# American Institute of Mathematical Sciences

October  2019, 24(10): 5633-5671. doi: 10.3934/dcdsb.2019076

## Spatial dynamics of a Lotka-Volterra model with a shifting habitat

 1 School of Mathematics and Statistics, Central South University, Changsha 410083, Hunan, China 2 School of Mathematics and Computer Sciences, Yichun University, Yichun 336000, Jiangxi, China 3 Department of Applied Mathematics, Western University, London, Ontario, N6A 5B7, Canada

* Corresponding author

Received  October 2018 Published  April 2019

Fund Project: Research was partially supported by National Natural Science Foundation of China (No. 11561068) and China Postdoctoral Science Foundation (2016M592442) and NSERC of Canada (No. RGPIN-2016-04665).

In this paper, we study a Lotka-Volterra competition-diffusion model that describes the growth, spread and competition of two species in a shifting habitat. Our results show that (Ⅰ) if the competition between the two species are either mutually strong or mutually weak against each other, the spatial dynamics mainly depend on environment worsening speed c and the spreading speed of each species in the absence of the other in the best possible environment; (Ⅱ) if one species is a strong competitor and the other is a weak competitor, then the interplay of the species' competing strengths and the spreading speeds also has an effect on the spatial dynamics. Particularly, we find that a strong but slower competitor can co-persist with a weak but faster competitor, provided that the environment worsening speed is not too fast.

Citation: Yueding Yuan, Yang Wang, Xingfu Zou. Spatial dynamics of a Lotka-Volterra model with a shifting habitat. Discrete & Continuous Dynamical Systems - B, 2019, 24 (10) : 5633-5671. doi: 10.3934/dcdsb.2019076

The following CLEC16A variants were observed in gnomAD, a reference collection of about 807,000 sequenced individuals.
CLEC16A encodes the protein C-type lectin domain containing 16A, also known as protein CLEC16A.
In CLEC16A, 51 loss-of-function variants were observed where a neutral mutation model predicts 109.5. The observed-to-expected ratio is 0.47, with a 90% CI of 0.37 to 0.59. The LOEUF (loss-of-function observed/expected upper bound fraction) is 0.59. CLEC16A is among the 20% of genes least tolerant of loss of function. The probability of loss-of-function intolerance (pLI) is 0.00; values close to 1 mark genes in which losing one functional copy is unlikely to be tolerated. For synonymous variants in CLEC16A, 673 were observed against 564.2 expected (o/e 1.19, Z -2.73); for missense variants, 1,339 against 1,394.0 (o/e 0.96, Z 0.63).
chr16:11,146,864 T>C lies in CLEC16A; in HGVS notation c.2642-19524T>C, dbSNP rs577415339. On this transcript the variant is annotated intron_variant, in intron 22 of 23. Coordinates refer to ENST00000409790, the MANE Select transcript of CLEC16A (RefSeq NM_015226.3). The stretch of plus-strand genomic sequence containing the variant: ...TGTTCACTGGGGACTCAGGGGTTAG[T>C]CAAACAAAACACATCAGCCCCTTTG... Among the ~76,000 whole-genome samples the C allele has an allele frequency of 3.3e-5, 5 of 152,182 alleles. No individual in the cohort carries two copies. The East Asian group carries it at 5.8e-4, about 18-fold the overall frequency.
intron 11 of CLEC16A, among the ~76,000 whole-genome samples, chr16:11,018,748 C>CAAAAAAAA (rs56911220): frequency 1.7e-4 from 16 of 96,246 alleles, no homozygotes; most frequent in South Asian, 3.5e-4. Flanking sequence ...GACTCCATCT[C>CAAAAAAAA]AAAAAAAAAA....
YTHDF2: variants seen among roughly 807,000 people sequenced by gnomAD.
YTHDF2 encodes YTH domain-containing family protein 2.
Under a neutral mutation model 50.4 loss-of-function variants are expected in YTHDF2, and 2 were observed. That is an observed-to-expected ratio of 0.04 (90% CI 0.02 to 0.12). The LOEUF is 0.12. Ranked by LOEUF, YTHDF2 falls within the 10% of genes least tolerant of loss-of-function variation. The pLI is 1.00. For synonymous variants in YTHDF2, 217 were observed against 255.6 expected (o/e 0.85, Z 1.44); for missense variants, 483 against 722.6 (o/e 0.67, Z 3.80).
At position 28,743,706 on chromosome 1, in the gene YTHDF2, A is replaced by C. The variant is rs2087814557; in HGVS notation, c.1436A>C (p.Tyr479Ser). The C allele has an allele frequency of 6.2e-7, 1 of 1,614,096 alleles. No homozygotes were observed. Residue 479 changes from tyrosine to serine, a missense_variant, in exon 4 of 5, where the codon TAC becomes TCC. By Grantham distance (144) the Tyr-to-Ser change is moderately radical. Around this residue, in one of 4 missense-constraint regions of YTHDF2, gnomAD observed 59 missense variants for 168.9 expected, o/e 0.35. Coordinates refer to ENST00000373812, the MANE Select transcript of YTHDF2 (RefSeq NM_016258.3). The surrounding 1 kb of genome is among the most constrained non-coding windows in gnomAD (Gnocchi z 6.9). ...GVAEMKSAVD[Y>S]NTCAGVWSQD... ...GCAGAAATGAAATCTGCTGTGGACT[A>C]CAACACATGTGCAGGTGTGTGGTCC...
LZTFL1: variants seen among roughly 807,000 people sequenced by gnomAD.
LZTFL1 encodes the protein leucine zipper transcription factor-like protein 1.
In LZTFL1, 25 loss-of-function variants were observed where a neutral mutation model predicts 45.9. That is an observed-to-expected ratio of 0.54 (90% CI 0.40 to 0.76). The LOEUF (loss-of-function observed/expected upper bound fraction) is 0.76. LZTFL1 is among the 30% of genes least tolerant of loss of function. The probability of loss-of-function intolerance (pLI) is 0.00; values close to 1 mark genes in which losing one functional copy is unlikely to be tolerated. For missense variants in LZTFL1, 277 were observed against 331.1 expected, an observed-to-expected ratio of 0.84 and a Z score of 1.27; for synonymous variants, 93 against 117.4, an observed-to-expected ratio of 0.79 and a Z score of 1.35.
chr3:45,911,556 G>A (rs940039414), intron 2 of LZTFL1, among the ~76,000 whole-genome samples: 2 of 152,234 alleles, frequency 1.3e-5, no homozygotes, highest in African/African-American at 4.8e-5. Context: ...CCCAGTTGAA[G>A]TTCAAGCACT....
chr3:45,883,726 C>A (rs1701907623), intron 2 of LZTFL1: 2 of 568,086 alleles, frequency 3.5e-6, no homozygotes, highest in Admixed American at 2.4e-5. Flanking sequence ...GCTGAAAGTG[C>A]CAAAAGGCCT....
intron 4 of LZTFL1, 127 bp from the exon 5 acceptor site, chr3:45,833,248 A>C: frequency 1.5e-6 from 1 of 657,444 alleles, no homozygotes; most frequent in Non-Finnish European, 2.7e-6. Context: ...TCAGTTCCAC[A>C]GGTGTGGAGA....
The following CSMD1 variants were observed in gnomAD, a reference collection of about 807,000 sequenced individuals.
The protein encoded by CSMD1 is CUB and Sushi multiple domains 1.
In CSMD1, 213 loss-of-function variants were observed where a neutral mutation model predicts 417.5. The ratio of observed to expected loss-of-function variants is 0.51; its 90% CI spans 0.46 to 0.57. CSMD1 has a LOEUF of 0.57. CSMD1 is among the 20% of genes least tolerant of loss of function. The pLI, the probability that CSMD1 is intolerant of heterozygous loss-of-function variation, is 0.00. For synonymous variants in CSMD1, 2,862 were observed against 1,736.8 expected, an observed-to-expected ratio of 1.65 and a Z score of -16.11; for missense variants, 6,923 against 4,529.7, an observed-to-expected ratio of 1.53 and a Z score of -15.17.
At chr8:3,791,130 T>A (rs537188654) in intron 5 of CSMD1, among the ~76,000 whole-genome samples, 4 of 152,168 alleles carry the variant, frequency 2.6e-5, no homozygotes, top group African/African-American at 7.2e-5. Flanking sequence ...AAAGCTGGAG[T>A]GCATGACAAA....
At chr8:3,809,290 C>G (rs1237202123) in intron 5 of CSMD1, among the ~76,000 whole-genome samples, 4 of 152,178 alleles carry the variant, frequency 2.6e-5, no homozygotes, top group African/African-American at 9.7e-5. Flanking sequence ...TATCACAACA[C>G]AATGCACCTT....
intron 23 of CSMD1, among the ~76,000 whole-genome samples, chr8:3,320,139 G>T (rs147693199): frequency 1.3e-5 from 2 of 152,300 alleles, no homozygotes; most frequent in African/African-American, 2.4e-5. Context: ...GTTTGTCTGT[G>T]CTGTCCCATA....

##### References:

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##### References:
Numerical simulations on (6) with (113)- (116): for $c = 1.8$ we have $c> \hat{c}^*(\infty)$ but $c <c^*(\infty)$, the two species can still co-persist by spreading to the right with the respective asymptotic speeds $c^*_1(\infty) = 2$ and $c^*_2(\infty) = 2.2$
Numerical simulations on (6) with (113)- (116) with $a_2 = 0.36$ replaced by $a_2 = 3$ and the environment worsening rate is very small $(c = 1.8)$ in the sense that $c<c_1^*(\infty)$, the two species can still be co-persist by spreading to the right with the respective asymptotic speeds $c^*_1(\infty) = 2$ and $c^*_2(\infty) = 2.2$
Numerical simulations on (6) with (113)- (116): when the environment worsening rate is too large ($c = 2.21 >c^*_i(\infty) > \hat{c}^*_i(\infty)$ for $i = 1,2$), both species go to extinct in the habitat
Numerical simulations on (6) with (113)- (116): when the environment worsening rate is neutral in the sense that $c = 2.05 \in (c^*_1(\infty), c^*_2(\infty))$, species 1 becomes extinct in the habitat and species 2 persist by spreading to the right with the asymptotic speed $c^*_2(\infty) = 2.2$
Numerical simulations on (6) with (113)- (116): when the environment worsening rate is very small ($c = 1.65$) in the sense that $c < \hat{c}^*(\infty)$, both species co-persist by spreading to the right with the respective asymptotic speeds $c^*_1(\infty) = 2$ and $c^*_2(\infty) = 2.2$
Numerical simulations on (6) with (113)- (116) with $a_1 = 0.19$ and $a_2 = 0.36$ replaced by $a_1 = 3$ and $a_2 = 2$ respectively. The environment worsening rate is very small (c = 1.8) in the sense that $c<c_1^*(\infty)$, species 1 becomes extinct in the habitat and species 2 persist by spreading to the right with the asymptotic speed $c^*_2(\infty) = 2.2$
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